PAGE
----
Last Tuesday 29th April the Earth, the Moon, and the Sun aligned to produce one of the most spectacular astronomical phenomena we can see: a solar eclipse. The 29th April solar eclipse was actually not a total eclipse (i.e., the disc of the Moon didn’t cover all the disc of the Sun) but an Annular eclipse. The annular phase could be only visible in Antarctica, but a partial solar eclipse was seen throughout Australia in the late afternoon. More information about this solar eclipse can be found in the NASA Eclipse Website managed by the astrophysicist Fred Espenak.
The Sun would be eclipsed by the Moon during the sunset, it was then a perfect opportunity to get some nice photos of the eclipsed Sun with some famous buildings such the Sydney Opera House or Sydney Harbour Bridge. With this excuse, but also with the idea of showing the wonders of Nature to the public, a group of astrophysicists working at Australian Astronomical Observatory (AAO) decided use this solar eclipse to organize our first “Guerrilla Astronomy” event (*). The aim of these activities is to set up amateur telescopes in a public area (a park or a shopping center) and explain to the public who is around what Astronomy is, what astronomers do, and what the “Australian Astronomical Observatory” is. More of these events are coming in the future, but this was our first “test” to see how we can organize and manage the activity.
Given the time and position of the Sun during the eclipse, we decided that a really nice spot to prepare our telescopes would be Mrs Macquarie Chair point, in the Domain, Sydney Botanic Gardens. From there a very dramatic view of the Sydney Opera House and the Sydney Harbour Bridge is seen. We first requested permission to do this to the authorities of the Domain, who were really nice and even allowed us to park by free. Actually, they also came along to see the eclipse and they liked our idea of organizing more “Guerrilla Astronomy” events there in the nearby future.
It was four of us, Stuart Ryder (AAO/AusGO), Kyler Kuehn (AAO), Paola Oliva-Altamiro (Swinburne/AAO) and myself, who participated in this first “Guerrilla Astronomy” event. Just to have everything ready on time, we were setting up telescopes, AAO banner and laptop around an hour before the beginning of the eclipse. The weather seemed very clear in the morning, but in the afternoon, as we feared, some clouds started to arrive from the west. We already knew this would be a killer… but we had to try!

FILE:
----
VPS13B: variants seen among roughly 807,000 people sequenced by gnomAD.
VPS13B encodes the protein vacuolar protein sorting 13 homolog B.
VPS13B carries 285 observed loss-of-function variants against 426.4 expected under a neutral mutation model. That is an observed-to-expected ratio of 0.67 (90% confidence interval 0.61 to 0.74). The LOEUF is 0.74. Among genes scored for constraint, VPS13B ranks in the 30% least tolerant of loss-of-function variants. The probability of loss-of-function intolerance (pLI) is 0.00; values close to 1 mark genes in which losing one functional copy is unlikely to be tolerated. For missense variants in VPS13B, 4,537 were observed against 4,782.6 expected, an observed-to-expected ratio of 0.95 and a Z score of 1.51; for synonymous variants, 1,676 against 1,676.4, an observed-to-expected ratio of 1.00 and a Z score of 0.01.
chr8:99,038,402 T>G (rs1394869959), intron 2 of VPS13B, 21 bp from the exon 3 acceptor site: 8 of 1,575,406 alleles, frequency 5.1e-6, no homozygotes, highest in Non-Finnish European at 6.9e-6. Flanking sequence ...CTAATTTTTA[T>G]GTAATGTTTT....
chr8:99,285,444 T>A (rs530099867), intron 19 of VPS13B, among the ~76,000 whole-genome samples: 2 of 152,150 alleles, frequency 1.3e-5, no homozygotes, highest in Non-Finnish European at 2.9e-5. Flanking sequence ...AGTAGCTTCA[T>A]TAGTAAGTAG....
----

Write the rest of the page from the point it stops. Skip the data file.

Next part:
We actually were a bit lucky at the beginning, and hence we could see the Sun within thin clouds and follow the eclipse for 10 minutes. I even could take a nice image:
After that, thick clouds arrived and this happened:
5-seconds timelapse video obtained combining 25 images taken with Telescope Skywatcher Black Diamond D = 80 mm, f = 600 mm + CANON EOS 600D at primary focus + Solar filter, at ISO 400, 1/8 s, showing how the clouds completly cover the eclipsed sun. 29 April 2014 @ 16:20 AEST ( 06:20 UT ). The direct link to the YouTube video is here.
Credit: Ángel R. López-Sánchez (AAO/MQ).
Once the Sun was completely covered by thick clouds we just waited and hoped for a little gap, but unfortunately this never happened and we didn’t see the Sun again that day.
Well, it would have been really nice to see the eclipsed sun setting over the Sydney Harbour Bridge and sinking later close to the Sydney Opera House, I’m sure the images and time-lapse video would have been quite spectacular, but the best I got was this image:
In any case, all four AAO participants were very happy about how the event was and, as I said, we are expecting to repeat these “Guerrilla Astronomy” activities in the nearby future.
Next solar eclipse to touch Australia will be on 9 March 2016, but it will also be a partial eclipse only visible on the northern and western parts of the continent. The next total eclipse to be seen from Australia will happen on 20 April 2023 and it will just touch the coast of Western Australia. We have to wait until 22 July 2028 to see a total solar eclipse in Sydney. Actually, Sydney is almost exactly in the center of the totality.
More photos of this event can be found in this Flickr Album.
(*) Note that the word “Guerrilla” comes from Spanish, however the name didn’t come from me but from an idea my colleague Amanda Bauer (AAO Outreach Officer) had some months ago. As a native Spanish speaker I have to confess it is really hard to hear the pronunciation of “Guerrilla” following English phonemes as “Guerrilla Astronomy” sounds almost identical to “Gorilla Astronomy“. I would encourage to try to pronounce “Guerrilla” as it is said in Spanish (geˈri.ʝa) to be released of this confusion, but of course that is only my modest suggestion than can be completely ignored…